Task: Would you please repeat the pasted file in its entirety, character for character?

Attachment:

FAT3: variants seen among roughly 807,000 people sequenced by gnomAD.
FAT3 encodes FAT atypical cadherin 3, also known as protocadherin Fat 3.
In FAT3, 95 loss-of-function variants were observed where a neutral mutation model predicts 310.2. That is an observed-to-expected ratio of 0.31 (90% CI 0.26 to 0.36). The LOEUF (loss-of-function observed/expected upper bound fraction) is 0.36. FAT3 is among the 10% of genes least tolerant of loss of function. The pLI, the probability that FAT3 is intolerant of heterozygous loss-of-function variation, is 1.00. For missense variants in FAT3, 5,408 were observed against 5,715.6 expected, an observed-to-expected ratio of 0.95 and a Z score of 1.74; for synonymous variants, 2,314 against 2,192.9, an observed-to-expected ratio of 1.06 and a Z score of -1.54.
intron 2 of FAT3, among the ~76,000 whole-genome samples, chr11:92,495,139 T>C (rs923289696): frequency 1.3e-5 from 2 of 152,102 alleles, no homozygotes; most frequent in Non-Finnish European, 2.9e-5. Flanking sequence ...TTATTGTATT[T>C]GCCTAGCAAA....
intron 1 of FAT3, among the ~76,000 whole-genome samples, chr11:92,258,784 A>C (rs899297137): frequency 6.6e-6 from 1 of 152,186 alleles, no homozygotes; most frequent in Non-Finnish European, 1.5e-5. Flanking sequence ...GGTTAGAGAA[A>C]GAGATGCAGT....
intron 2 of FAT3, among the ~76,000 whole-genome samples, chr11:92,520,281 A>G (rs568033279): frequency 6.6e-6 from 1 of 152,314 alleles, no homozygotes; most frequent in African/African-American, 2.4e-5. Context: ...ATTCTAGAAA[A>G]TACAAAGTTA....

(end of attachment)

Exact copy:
FAT3: variants seen among roughly 807,000 people sequenced by gnomAD.
FAT3 encodes FAT atypical cadherin 3, also known as protocadherin Fat 3.
In FAT3, 95 loss-of-function variants were observed where a neutral mutation model predicts 310.2. That is an observed-to-expected ratio of 0.31 (90% CI 0.26 to 0.36). The LOEUF (loss-of-function observed/expected upper bound fraction) is 0.36. FAT3 is among the 10% of genes least tolerant of loss of function. The pLI, the probability that FAT3 is intolerant of heterozygous loss-of-function variation, is 1.00. For missense variants in FAT3, 5,408 were observed against 5,715.6 expected, an observed-to-expected ratio of 0.95 and a Z score of 1.74; for synonymous variants, 2,314 against 2,192.9, an observed-to-expected ratio of 1.06 and a Z score of -1.54.
intron 2 of FAT3, among the ~76,000 whole-genome samples, chr11:92,495,139 T>C (rs923289696): frequency 1.3e-5 from 2 of 152,102 alleles, no homozygotes; most frequent in Non-Finnish European, 2.9e-5. Flanking sequence ...TTATTGTATT[T>C]GCCTAGCAAA....
intron 1 of FAT3, among the ~76,000 whole-genome samples, chr11:92,258,784 A>C (rs899297137): frequency 6.6e-6 from 1 of 152,186 alleles, no homozygotes; most frequent in Non-Finnish European, 1.5e-5. Flanking sequence ...GGTTAGAGAA[A>C]GAGATGCAGT....
intron 2 of FAT3, among the ~76,000 whole-genome samples, chr11:92,520,281 A>G (rs568033279): frequency 6.6e-6 from 1 of 152,314 alleles, no homozygotes; most frequent in African/African-American, 2.4e-5. Context: ...ATTCTAGAAA[A>G]TACAAAGTTA....